The difficulty of recycling coffee cups

Earlier this year the War on Waste, an ABC series hosted by The Chaser’s Craig Reucassel, saw Craig fill a tram full of take-away coffee cups, and announce that of the 1 billion coffee cups used in Australia every year, every one of them ends up in landfill.

In June, Biopak Founder and Director Richard Fine told BeanScene he was interviewed by Craig, and informed him that several councils were recycling paper cups. He provided the list to BeanScene, which shows dozens of councils that confirm they did recycle paper coffee cup.

“The facts presented in the War on Waste Episode last night were unfortunately not 100 per cent accurate as paper cups including BioCups are accepted in the paper recycling stream in many councils,” he said.

BeanScene Magazine has spoken with a publicist from the ABC to confirm why this information wasn’t included in the program. The publicist sent its enquiry through to production company Keo Films who hasn’t yet responded to our enquiry.

The real challenge with recycling paper cups, Richard told BeanScene, is not that paper cups can’t be recycled, but more that several leading recycling companies are simply refusing to do it. Richard nevertheless welcomed the media attention to put pressure on recycling companies to make the effort to recycle paper cups.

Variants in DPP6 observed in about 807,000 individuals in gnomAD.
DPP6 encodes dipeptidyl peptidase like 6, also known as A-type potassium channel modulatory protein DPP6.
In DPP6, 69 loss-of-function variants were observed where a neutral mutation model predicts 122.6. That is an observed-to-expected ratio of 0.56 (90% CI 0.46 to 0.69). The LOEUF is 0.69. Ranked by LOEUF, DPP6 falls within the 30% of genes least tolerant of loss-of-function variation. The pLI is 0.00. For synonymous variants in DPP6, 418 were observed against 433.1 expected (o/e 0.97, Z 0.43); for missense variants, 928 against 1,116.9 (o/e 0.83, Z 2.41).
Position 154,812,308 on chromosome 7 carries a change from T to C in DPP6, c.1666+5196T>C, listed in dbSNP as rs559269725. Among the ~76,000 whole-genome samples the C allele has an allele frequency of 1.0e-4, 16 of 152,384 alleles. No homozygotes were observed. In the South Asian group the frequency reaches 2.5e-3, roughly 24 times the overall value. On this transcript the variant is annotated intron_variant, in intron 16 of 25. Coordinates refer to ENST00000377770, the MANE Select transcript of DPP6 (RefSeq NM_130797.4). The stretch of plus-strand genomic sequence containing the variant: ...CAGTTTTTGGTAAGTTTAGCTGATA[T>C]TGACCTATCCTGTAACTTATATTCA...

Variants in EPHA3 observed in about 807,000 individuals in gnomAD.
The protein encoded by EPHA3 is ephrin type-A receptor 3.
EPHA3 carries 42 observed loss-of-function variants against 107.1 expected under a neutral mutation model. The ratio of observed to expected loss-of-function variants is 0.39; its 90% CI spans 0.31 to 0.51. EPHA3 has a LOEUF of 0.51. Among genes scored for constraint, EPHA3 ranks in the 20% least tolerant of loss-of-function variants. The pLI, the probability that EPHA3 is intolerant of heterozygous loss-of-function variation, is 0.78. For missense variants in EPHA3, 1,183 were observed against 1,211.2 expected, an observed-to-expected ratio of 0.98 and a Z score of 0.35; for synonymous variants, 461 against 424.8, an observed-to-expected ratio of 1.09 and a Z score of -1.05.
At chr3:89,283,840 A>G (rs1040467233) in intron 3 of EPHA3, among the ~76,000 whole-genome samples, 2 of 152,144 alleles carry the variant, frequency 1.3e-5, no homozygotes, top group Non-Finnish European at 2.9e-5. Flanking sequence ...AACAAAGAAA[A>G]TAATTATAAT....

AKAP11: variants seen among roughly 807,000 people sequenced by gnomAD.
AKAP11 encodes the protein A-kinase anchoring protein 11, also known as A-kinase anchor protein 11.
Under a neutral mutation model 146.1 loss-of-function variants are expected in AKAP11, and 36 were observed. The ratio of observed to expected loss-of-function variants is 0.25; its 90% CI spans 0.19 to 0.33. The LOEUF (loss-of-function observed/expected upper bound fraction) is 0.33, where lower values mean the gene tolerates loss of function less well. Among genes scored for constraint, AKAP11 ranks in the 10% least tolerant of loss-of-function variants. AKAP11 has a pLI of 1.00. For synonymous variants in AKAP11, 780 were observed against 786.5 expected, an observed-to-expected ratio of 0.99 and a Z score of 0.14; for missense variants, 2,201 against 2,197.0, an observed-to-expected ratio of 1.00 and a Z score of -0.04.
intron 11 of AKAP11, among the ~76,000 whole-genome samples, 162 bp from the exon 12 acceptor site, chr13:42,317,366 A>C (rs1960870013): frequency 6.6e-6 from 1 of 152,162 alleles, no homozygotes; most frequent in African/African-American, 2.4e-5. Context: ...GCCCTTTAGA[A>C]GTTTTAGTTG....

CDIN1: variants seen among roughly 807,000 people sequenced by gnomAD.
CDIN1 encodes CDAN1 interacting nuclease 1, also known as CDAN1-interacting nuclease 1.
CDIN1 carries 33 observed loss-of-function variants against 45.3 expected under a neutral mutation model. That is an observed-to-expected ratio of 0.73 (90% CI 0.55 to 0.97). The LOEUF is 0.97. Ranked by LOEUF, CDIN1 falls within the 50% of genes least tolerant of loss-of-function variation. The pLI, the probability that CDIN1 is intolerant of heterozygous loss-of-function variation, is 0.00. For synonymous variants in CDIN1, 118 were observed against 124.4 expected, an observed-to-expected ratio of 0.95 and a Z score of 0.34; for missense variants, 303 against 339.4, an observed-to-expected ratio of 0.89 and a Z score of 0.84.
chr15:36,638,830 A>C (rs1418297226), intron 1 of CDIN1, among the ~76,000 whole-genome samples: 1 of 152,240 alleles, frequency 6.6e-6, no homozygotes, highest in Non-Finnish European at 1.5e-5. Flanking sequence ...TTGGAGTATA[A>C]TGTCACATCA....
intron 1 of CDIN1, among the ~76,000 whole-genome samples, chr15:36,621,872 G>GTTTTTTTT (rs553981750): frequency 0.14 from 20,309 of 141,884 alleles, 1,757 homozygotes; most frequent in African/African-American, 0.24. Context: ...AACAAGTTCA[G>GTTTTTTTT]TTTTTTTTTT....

Last week, Grant Musgrove, CEO of the Australian Council of Recycling, noted there’s more to it than just the manufacturer.

He told Fairfax Media packaging companies need to stop dreaming up new “sustainable” packaging that can only be recycled by expensive specialised facilities. It should be made of out material already recyclable – such as cardboard.

“It’s relatively easy to come up with a new packaging format. Packaging companies that don’t talk to recycling companies first, and then complain about their product not being recycled – there is an abject lesson.”

Gayle Sloan, chief executive officer of Waste Management Association of Australia, told Fairfax Media: “The issue is not the industry. Rather, the issue lies with the packager choosing to make a product that they know does not have an end use.”

However, Fairfax Media reported the interviewees can all agree the government needs to take a lead and set a direction for both the packaging and recycling industries. The government could indicate whether the industry is to recycle and/or compost materials, including what materials recyclers could accept.


Send this to a friend